Authors: Christina Jones
Tags: #Fiction, #General
‘He said I had to give up work.’
‘What?’ Doll exploded. ‘Oh, God – not the giving up
work and becoming a mother routine?’
Lulu shook her head in a castanets clack of beads and braids. ‘No, of course not. He just wants me to have a proper job. One where I can wear a suit and drive a hatchback and produce business cards from my designer wallet and—’
‘And pigs might!’ Doll snorted into the fun-fur cushion. ‘If he wanted to shack up with the businesswoman of the year he should have thought of it long before he moved you into his yuppie barn.’
‘It’s a loft,’ Lulu said. ‘A young executive’s loft apartment. I think he saw me as a challenge and thought he’d convert me in time.’
‘Like the loft,’ Doll giggled. ‘No, sorry … go on then – why does he want you to give up your job? Apart from the fact that you spend all day in that weirdo animal charity shop amongst other people’s junk and dirty clothes and earn slightly less than a paper boy.’
‘That’s about it really,’ Lulu sighed. ‘He says he’s had enough of me earning a pittance and not contributing enough to the communal outgoings and always being out on protests. And when we go to his business functions he says I look like a bag lady. And he said I wouldn’t know a designer label if it sat on my shoulder and introduced itself. And he says I fill his space with clutter and forget everything … All of which is true and I’m fed up with arguing about it – so I think we’ve just got to accept that we’re incompatible.’
‘And it’s only taken you three years to realise this, has it? Everyone else knew it straight away. I never understood why you got together with him in the first place. You were always chalk and cheese – me and Brett reckoned you’d end up with a
seller, which would have been far more acceptable. It’s not even as though Niall’s good looking. A good-looking prat would at least have some advantages.’
Lulu shrugged. ‘I think I was a bit impressed by him. He was so – well – different from the other blokes I’d been out
with. At least he had a job … no, a profession. As a recruitment consultant he’s a few steps up the status ladder than a bloody postman.’
‘Ooooh! Hark at you! You who swore to forgo all material things in the worthy pursuit of animal welfare. And what the hell is a recruitment consultant anyway? He’s just another flashy suit in an office trying to keep his own job by putting other poor sods into unsuitable occupations and—’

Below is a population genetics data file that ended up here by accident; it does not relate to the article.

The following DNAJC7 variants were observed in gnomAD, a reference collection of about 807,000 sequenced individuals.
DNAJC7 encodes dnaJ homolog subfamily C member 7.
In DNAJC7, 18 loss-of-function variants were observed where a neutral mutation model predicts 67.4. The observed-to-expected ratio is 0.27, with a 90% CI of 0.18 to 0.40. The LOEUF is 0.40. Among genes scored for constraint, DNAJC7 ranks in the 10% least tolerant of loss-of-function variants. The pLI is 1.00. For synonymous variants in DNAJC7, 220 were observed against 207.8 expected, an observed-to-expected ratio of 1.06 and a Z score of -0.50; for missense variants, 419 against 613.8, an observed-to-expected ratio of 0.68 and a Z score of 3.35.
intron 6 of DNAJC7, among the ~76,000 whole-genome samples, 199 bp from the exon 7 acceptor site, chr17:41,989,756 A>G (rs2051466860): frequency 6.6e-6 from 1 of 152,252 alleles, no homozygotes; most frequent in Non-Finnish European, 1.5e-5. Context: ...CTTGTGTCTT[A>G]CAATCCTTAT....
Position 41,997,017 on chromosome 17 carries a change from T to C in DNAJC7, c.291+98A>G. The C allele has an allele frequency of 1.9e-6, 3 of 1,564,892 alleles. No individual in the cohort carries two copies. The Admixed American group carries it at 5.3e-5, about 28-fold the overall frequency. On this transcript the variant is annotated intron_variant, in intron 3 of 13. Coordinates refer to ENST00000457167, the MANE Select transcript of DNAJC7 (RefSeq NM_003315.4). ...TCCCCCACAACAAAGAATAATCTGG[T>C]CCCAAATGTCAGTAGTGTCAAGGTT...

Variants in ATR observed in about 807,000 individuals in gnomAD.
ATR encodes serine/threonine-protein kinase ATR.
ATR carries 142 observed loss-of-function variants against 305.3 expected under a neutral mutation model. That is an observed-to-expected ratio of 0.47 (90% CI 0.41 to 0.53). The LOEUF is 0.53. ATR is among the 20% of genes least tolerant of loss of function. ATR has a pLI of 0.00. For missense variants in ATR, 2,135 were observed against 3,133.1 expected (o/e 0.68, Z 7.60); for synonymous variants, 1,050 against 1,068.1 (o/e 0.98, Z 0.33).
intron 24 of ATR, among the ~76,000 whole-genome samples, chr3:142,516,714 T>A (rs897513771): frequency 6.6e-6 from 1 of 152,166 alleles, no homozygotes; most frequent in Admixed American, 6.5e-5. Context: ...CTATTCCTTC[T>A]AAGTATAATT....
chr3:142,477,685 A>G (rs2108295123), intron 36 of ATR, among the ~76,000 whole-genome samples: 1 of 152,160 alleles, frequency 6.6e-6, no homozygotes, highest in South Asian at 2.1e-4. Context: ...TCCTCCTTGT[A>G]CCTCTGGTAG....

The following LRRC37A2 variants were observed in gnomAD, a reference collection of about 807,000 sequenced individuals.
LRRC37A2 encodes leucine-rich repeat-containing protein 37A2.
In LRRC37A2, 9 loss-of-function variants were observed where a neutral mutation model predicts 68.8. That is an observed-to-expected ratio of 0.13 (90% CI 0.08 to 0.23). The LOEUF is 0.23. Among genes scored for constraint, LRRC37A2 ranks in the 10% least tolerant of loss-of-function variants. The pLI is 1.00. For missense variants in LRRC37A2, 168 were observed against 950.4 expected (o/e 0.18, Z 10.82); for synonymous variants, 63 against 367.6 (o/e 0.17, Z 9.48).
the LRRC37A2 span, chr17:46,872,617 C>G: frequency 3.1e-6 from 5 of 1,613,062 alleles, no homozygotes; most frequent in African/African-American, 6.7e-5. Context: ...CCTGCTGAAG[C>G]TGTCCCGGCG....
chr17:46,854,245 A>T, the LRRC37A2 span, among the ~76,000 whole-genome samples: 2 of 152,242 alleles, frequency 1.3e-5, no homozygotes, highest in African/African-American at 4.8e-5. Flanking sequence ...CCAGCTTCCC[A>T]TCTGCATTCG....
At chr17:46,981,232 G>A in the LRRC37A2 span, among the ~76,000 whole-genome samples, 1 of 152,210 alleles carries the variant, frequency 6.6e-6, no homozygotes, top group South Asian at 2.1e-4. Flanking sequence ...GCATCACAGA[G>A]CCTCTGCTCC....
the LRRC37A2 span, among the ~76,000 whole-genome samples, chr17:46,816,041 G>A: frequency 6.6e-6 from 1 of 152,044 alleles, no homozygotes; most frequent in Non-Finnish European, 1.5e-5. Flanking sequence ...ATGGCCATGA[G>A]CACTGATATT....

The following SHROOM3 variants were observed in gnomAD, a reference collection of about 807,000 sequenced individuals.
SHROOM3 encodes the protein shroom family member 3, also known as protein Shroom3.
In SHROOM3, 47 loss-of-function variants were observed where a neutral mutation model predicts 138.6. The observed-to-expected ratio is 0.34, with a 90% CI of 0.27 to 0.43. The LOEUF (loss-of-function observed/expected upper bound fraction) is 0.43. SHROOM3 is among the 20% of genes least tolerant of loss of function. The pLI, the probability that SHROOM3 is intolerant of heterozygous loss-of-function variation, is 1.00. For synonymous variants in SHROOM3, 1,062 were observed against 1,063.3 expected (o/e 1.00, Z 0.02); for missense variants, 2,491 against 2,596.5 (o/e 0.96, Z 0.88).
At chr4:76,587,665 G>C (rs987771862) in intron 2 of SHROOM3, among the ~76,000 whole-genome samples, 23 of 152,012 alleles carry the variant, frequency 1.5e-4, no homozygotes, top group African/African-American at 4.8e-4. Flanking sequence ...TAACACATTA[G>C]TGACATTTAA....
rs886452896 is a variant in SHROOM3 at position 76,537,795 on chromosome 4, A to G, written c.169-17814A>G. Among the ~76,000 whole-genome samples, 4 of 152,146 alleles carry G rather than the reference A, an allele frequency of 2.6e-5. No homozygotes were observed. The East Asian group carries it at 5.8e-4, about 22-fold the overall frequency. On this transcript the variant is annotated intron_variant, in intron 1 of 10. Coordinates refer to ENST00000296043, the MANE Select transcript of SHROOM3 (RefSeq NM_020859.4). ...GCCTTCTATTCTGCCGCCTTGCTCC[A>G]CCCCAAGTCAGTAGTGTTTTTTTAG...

‘It’s better than riding a bike and carrying a sack and stuffing things through letter boxes!’
‘Girls …’ Mitzi intervened as she had for more years than she cared to remember. ‘Before we get too far down this well-trodden path and you start pulling one another’s pigtails, does anyone fancy coffee?’
‘Not for me, thanks.’ Doll uncurled her long black-stockinged legs and stood up. ‘I ought to be going. It’s early surgery tomorrow and I’ll be up to my elbows in decaying molars before you know it.’ She leaned over the back of the sofa and tugged a couple of Lulu’s braids for good measure. ‘Cheer up, Lu. If you’ve really left him this time and are moving in, at least you can help Mum choose her tank tops and fluffy slippers and advise her on the pick of the daytime telly programmes—’
Mitzi beat Lulu to the fun-fur cushion by a nanosecond and hurled it at Doll’s departing back.
Having made sure that Doll was safely in her car – not that there was really any likelihood of her being abducted on the front path – and waved until the tail lights turned the corner, Mitzi shivered and locked the front door behind her. The house snuggled and settled round her in cosy warmth. It was her cocoon. Once the novelty of endless days with no work had worn off it might well be different, but for the first few weeks she could surely convince herself she was on holiday, couldn’t she?
Lulu’s bags had disappeared from the hall and the living room was empty. There was to be no return to the minimalist loft or the unlovely Niall tonight, then. Mitzi
switched off the fire and the lamps and wondered if Lulu’s heart would be broken by the end of the relationship as her own had been. Probably not. She sincerely hoped not anyway. That sort of pain was something she wouldn’t wish on anyone.
‘Night-night,’ she called to the washing basket as she turned off the kitchen lights.
Richard and Judy didn’t reply, but she could hear them making cosy whimpering noises in their sleep. It was all a ploy, of course. Part of the nightly routine. They gave her half an hour to warm up the bed, then they shot upstairs and squirmed their way beneath the duvet, spending all night curled against her, as comforting as matching grey silky hot-water bottles.